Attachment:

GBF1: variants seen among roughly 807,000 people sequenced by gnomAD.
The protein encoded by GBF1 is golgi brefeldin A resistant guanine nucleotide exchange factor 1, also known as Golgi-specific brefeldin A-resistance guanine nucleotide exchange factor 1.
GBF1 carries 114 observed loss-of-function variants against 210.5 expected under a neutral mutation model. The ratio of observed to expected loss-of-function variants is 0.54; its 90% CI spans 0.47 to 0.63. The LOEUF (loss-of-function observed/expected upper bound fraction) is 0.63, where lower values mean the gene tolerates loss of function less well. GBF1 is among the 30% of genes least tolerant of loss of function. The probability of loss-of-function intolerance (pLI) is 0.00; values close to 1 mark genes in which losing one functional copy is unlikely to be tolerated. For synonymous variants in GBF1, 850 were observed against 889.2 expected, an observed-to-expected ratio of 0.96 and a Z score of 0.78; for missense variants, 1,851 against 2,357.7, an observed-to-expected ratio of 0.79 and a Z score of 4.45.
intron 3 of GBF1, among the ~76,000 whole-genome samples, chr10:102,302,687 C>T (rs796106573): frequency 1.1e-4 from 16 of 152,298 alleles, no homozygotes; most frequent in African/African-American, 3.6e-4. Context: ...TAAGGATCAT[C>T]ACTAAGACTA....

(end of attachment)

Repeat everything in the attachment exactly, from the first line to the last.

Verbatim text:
GBF1: variants seen among roughly 807,000 people sequenced by gnomAD.
The protein encoded by GBF1 is golgi brefeldin A resistant guanine nucleotide exchange factor 1, also known as Golgi-specific brefeldin A-resistance guanine nucleotide exchange factor 1.
GBF1 carries 114 observed loss-of-function variants against 210.5 expected under a neutral mutation model. The ratio of observed to expected loss-of-function variants is 0.54; its 90% CI spans 0.47 to 0.63. The LOEUF (loss-of-function observed/expected upper bound fraction) is 0.63, where lower values mean the gene tolerates loss of function less well. GBF1 is among the 30% of genes least tolerant of loss of function. The probability of loss-of-function intolerance (pLI) is 0.00; values close to 1 mark genes in which losing one functional copy is unlikely to be tolerated. For synonymous variants in GBF1, 850 were observed against 889.2 expected, an observed-to-expected ratio of 0.96 and a Z score of 0.78; for missense variants, 1,851 against 2,357.7, an observed-to-expected ratio of 0.79 and a Z score of 4.45.
intron 3 of GBF1, among the ~76,000 whole-genome samples, chr10:102,302,687 C>T (rs796106573): frequency 1.1e-4 from 16 of 152,298 alleles, no homozygotes; most frequent in African/African-American, 3.6e-4. Context: ...TAAGGATCAT[C>T]ACTAAGACTA....